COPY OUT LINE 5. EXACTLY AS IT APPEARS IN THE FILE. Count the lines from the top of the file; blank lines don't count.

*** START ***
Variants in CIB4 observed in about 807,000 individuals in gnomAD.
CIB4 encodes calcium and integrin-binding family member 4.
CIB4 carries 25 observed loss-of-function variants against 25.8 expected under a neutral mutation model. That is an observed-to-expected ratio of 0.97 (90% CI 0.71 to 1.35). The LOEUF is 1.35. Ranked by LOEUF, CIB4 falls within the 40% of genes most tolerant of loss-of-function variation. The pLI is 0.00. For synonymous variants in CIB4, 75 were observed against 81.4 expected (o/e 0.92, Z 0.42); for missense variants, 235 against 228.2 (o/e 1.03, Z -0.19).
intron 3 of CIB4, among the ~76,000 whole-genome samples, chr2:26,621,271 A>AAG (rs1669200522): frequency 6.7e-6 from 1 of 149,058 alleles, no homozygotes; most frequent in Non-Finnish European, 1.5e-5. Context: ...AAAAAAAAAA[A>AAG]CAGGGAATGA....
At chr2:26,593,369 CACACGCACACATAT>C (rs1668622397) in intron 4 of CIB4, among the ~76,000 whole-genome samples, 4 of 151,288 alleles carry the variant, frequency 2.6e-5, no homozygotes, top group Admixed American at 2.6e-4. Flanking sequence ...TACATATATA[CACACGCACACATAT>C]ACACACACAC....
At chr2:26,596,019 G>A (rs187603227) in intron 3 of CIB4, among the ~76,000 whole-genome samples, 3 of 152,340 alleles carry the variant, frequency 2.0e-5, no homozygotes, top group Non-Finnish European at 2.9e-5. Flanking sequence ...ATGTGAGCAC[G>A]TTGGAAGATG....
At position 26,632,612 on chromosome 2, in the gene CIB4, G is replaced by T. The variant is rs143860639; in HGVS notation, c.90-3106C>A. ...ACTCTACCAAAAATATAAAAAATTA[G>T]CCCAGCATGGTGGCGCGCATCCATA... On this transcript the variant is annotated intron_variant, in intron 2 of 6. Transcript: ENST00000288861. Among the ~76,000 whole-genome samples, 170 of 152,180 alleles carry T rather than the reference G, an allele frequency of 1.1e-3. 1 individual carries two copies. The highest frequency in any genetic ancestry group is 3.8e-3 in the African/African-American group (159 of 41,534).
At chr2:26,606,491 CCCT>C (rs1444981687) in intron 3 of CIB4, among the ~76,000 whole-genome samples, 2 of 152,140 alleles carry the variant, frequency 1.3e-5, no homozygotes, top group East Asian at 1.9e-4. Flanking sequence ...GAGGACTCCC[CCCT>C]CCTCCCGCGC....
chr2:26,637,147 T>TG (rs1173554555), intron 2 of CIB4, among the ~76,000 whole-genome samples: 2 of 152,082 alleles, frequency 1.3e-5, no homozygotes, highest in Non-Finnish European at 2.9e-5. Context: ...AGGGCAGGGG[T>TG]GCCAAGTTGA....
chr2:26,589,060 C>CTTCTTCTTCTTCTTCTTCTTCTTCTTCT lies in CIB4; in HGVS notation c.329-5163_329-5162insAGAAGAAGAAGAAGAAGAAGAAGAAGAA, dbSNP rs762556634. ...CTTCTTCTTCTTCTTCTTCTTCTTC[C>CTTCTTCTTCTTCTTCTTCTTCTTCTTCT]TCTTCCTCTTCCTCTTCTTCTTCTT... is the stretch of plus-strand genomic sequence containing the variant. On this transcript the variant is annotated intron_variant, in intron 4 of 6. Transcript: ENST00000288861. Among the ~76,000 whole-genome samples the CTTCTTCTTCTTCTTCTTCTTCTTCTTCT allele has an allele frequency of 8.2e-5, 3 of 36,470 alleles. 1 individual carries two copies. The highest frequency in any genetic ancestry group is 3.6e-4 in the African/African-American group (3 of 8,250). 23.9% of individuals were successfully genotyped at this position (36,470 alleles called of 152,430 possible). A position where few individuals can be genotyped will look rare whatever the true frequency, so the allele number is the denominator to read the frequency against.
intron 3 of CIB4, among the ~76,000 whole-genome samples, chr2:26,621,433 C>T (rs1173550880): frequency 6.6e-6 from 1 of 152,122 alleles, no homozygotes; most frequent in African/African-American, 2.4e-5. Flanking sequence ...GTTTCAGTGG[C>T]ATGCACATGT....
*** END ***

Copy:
At chr2:26,593,369 CACACGCACACATAT>C (rs1668622397) in intron 4 of CIB4, among the ~76,000 whole-genome samples, 4 of 151,288 alleles carry the variant, frequency 2.6e-5, no homozygotes, top group Admixed American at 2.6e-4. Flanking sequence ...TACATATATA[CACACGCACACATAT>C]ACACACACAC....